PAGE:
The Problem with Princesses
October 10th, 2012
I’ve found myself plagued by feelings of growing concern about The Princess Thing. Despite our low-TV lifestyle, Miss Mouse is still an (almost) four-year-old girl and loves all things Disney Princess. (And by Disney Princess – or DP – I’m specifically referring to the rise and marketing of the movie heroines as a collective group apart from their movies.) While I confess to indulging her at times — we did, in fact, buy her a princess bed when we moved — I’m less and less comfortable with the World-o-Princess. At the request of several friends, I’m trying to put down a coherent explanation of what the problem is for me. Here ‘goes (and I’m warning you now — it’s a long post).
The lovely ladies are everywhere. EVERYWHERE. That in and of itself bugs the heck out of me. Take a stroll through your nearest Walmart and you’ll find Cinderella and Sleeping Beauty hawking everything from fruit snacks to bedding to school supplies to fresh produce. You can’t by a tube of toothpaste anymore without being confronted by those bitches.
One of my favorite non-profits is Campaign for a Commercial Free Childhood and they believe — as I do — that children have a right (yes, a right) to be protected from the constant barrage of marketing that is heaped upon them from the time they’re born. And even before.
By 2009, annual sales from Disney Princess merchandise were already at $4 billion (that’s “billion” with a “b”) and somehow I doubt things have dropped off in the last three years. And the DP idea was created explicitly to sell stuff, which is yucky. In 2000, Roy Disney went to a Disney on Ice event and was horrified to discover little girls wearing home-made princess costumes. Oh no! He recognized a ripe marketing demographic when he saw one and the rest is royal history. Why create your own costume when you can buy an officially branded one?
So, the commercialism of the DPs bothers me, though that’s really not a problem specific to them. They’re the largest brand aimed at my daughter, but certainly not the only one. I hate the other ones, too. Leave her alone, you soulless corporate executives!
But the evils of commercialism by themselves probably wouldn’t put me into a froth if the DPs had more going for them. But they don’t. One problem is that they’re a black hole of creativity. Little girls who are deep into the DP world have a hard time engaging in creative play. They reenact story lines. They don’t make up their own. And woe be to the independent thinker in the group who tries to suggest a change to the plot. Most of the evidence for this is anecdotal — I don’t know that there have been formal studies — but many teachers in the Waldorf and Montessori schools of education have noticed this same phenomenon.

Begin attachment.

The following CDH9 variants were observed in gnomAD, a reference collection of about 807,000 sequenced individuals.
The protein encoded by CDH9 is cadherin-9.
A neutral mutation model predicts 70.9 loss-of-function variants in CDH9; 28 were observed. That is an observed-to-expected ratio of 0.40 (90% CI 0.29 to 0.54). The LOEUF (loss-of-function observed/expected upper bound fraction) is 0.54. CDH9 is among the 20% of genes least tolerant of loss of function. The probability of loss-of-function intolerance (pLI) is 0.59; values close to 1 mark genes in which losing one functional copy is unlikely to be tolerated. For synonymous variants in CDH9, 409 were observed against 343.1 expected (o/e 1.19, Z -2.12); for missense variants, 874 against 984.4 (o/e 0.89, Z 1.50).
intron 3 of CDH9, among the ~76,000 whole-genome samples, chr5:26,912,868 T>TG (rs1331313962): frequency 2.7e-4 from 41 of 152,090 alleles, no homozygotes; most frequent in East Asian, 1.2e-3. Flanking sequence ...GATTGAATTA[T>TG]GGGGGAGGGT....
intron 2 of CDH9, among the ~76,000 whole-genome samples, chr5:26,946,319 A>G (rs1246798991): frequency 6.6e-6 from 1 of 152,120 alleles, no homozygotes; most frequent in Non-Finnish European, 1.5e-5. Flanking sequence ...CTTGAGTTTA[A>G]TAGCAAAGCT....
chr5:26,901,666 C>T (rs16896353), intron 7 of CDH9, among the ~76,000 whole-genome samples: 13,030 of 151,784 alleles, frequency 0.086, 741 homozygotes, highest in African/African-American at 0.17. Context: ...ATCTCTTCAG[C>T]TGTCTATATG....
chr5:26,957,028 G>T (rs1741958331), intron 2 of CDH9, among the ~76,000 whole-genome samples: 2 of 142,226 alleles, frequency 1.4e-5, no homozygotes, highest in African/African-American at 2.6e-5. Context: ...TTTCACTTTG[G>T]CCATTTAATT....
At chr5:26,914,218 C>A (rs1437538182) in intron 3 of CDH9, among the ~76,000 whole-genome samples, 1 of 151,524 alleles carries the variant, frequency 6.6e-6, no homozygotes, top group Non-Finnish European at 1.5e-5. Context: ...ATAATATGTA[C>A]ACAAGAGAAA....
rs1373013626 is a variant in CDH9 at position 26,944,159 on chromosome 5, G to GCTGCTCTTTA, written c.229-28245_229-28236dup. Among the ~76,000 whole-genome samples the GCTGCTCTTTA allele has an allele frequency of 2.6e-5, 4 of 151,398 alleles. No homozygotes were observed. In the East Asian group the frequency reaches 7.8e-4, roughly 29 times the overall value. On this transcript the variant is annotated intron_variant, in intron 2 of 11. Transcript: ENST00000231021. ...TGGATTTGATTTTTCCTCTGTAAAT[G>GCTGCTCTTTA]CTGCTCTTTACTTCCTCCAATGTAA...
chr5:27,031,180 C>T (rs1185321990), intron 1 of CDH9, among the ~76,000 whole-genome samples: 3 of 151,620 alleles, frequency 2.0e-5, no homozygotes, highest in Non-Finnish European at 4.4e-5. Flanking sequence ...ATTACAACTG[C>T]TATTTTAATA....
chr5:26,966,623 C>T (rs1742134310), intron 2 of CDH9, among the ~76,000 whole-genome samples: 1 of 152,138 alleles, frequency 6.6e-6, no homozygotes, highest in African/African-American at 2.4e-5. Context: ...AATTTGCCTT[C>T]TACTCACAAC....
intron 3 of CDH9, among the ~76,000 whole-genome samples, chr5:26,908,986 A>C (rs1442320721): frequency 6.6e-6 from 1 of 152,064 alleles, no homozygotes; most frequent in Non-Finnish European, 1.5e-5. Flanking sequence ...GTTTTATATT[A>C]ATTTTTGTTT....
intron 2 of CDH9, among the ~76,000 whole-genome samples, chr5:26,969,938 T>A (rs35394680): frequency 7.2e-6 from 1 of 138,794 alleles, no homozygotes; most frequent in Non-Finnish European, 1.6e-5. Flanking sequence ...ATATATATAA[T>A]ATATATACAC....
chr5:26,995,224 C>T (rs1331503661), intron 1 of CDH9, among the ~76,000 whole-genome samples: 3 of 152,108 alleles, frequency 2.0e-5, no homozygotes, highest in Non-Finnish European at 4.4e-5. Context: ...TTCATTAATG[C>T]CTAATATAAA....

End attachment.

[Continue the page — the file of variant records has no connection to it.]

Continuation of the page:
I can see it in Miss Mouse. My girl is very grounded and quite literal. She likes a set story-line and once she has one, she doesn’t diverge much from it. I tried to get her to come up with a name for a princess today and all she would give me were Sleeping Beauty and Snow White. I could not make the child come up with a new name. It kind of freaked me out.
Then there’s the last, and biggest, problem. I think the Disney Princesses are horrible role models. The lessons they teach little girls about beauty, relationships, and their own self-worth flat-out suck.
I think a major part of the problem is that the DP marketing has divorced the princesses from their stories. Sure, some of them had cruddy stories to begin with (Do we need to rehash the plot of The Little Mermaid wherein the heroine gives up her voice — her voice! — in her attempt to win a man’s heart?), but some were pretty good. Some of those gals were independent and spunky in addition to beautiful.
But not once they’re pried from their surroundings. The feisty feminist Belle who loves to read and tells the arrogant Gaston where he can put his chauvinistic ways is replaced by a one-dimensional beauty in a sparkly yellow dress.
When you use just the princesses’ images and not their stories, all that remains is their looks. The only thing they’ve got going for them is that they’re pretty.
And think about who The Disney Princesses are. Ariel, Sleeping Beauty, Belle, Cinderella. Sometimes Tiana. Sometimes Rapunzel. Where’s Pocahontas? She’s awesome. And what about Mulan? Technically, she’s considered a DP but I defy you to find her on any merchandise. No, the girls who make the cut are the stereotypically beautiful blonds and brunettes with sweet features and pretty smiles.
There are probably more reasons why I’m not comfortable with the pink ladies. But the three I listed are biggies. The issue of course is, now what? What’s my next move as a mother? Do I ban the broads from my house? Stand firm against the pleas and tears of my daughter when all she wants on earth is a pair of princess sneakers? Force her to only play with featureless wool dolls? Burn the princess bed in a backyard bonfire?
I think my best course of action is one of alternatives. I don’t want to demonize the princesses, but I do want my daughter to be exposed to other imagery. I want to read books with strong female characters (check out the website A Mighty Girl for some great reading lists). I want to talk about the qualities that make a princess awesome — other than her looks. If she wants a princess doll for her birthday (which she does), I want to find her one that is cool and funky but NOT a Disney creation.
And, as we’ll see in an upcoming post, I want her not to dress up as Rapunzel for Halloween…
So what are your thoughts? Have you wrestled with the Princess Thing? Where do you come down?